The book of Joshua is a record of the conquering of Canaan by Israel under the leadership of Joshua who was Moses' successor. Joshua's task as Israel's leader was a very difficult task. Besides becoming Moses' successor, a giant task in itself, he had to lead Israel in conquering a land that was filled with strong war-like nations who outnumbered the Israelites. This first chapter of Joshua records the commission given to Joshua to conquer the land and his immediate response. Joshua 1 can be divided into three major parts as follows:
Joshua 1:1, 2
The moment of the commission to conquer Canaan was a special moment in the history of Israel and the life of Joshua.
"The Lord spake" (Joshua 1:1). The moment of the commission was God's moment. He chose the time for Joshua to begin the conquering of Canaan. "No work, however high and holy, should be undertaken without the express intimation that it is God's pleasure we should attempt it" (J. J. Lias in the Pulpit Commentary). Circumstances often confirm the moment, and in Joshua's case it certainly did. The faith of the Israelites, the fear of the Canaanites, and the flooding of the Jordan river were all current circumstances that God wanted and needed to be present to do His work. God knows when the conditions are right for His work and will speak and commission at the right time.
There was much sorrow in the camp when Joseph was given his commission for conquering Canaan.
• The area of the sorrow. "After the death of Moses... Moses my servant is dead" (Joshua 1:1, 2). The sorrow in the camp was caused by the death of Moses.
• The attitude of sorrow. The attitude of many about Moses' death would be one of despair, thinking without Moses they could not go on. But the giving of orders to Joshua said, "Moses the servant is dead, but God the Master is not" (Henry). God's workers may die , but that does not end God's work!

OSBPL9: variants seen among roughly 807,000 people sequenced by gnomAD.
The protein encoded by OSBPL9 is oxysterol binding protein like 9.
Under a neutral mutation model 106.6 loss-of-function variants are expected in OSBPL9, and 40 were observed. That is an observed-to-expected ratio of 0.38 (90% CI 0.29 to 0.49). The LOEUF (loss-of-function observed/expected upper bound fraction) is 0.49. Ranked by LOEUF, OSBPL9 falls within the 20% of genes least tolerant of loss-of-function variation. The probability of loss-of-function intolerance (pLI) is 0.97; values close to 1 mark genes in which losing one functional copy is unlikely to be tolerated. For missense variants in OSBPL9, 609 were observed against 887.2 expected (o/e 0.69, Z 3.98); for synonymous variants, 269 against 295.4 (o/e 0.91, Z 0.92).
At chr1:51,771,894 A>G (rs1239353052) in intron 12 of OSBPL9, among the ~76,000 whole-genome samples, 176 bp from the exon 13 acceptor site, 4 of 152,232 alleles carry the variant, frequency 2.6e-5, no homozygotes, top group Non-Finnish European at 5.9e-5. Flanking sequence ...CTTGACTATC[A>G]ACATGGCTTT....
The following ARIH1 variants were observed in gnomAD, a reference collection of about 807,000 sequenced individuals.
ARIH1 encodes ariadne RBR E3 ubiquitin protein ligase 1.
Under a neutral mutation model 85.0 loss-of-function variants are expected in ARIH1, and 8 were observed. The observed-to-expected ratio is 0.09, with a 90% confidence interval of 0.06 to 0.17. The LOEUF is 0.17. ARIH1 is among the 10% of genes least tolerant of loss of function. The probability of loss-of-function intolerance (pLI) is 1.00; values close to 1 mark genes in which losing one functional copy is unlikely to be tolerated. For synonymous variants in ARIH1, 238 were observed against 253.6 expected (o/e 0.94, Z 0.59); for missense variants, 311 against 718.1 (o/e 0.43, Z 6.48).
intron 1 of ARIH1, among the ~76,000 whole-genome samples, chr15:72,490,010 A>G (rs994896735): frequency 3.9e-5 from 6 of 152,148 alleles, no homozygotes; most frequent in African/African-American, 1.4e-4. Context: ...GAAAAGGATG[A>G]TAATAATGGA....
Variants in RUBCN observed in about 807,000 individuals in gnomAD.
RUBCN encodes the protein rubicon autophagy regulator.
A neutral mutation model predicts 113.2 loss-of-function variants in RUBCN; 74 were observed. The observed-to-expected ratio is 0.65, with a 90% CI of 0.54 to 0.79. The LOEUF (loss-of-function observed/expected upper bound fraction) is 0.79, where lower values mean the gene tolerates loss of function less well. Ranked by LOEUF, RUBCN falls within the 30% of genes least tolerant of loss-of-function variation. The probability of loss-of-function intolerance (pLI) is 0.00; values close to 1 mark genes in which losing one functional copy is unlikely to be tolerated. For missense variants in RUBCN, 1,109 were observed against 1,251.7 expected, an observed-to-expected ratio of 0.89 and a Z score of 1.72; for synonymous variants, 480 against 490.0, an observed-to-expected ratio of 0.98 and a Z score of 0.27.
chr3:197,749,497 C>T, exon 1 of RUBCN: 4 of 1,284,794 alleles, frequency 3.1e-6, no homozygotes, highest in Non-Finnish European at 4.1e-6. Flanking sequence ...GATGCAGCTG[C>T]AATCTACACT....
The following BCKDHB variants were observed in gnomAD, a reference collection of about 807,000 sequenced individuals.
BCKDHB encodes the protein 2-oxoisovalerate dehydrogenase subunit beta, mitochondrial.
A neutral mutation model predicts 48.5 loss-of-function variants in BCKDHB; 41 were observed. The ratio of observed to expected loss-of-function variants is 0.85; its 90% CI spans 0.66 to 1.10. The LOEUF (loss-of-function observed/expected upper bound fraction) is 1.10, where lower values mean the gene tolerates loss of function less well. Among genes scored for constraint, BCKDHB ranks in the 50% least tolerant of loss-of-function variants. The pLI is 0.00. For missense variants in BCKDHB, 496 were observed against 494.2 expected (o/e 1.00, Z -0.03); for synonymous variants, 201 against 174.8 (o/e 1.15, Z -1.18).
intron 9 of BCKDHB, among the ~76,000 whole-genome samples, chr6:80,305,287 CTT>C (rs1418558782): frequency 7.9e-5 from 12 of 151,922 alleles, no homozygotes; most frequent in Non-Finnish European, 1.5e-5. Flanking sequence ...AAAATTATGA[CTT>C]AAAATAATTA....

• The antidote for sorrow. "Moses my servant is dead; now therefore arise, go over this Jordan" (Joshua 1:2). The best antidote for sorrow is doing your duty. God did not tell Joshua to disband and return to Egypt because Moses was dead but told him to get busy with his work of conquering Canaan.
The commission for Joshua was a mandate. It was not only a mandate for Joshua (the precepts in the mandate), but it was also a mandate for God (the promises in the mandate).
There are at least seven different precepts for Joshua in this mandate from God to commence the conquering of Canaan.
• The precept about his moving. "Arise, go over this Jordan, thou, and all this people, unto the land I do give to them" (Joshua 1:2). First, the duty in the moving. "Arise, go over this Jordan." Joshua's commission involved action. There is to be no delay, but work is to be done promptly. Second, the difficulty in the moving. "Go over this Jordan." No bridges were available and the Jordan was flooded (Joshua 3:15). Besides that the enemy was on the other side. That this duty was difficult is a great understatement. Third, the descendents in the moving. "Thou, and all this people." "This people" were descendents of Abraham to whom God first gave the promise of the land. There were as many as two million of them plus their livestock which only added to the difficulty of the moving. Fourth, the destination in the moving. "Unto the land which I do give to them." They were to head west, cross the Jordan to the land of Canaan. Fifth, the design in the moving. "The land which I do give them." The design of the moving was to begin the conquering of the land of Canaan which God had given them.
• The precept about his might. "Be strong" (Joshua 1:6, 7, 9). This does not mean Joshua was weak. What it means is that he was to do what was necessary to keep himself strong for his work. Spiritual strength is the primary application. The world does not honor such strength and few are interested in it, but to serve God well you must be spiritually strong.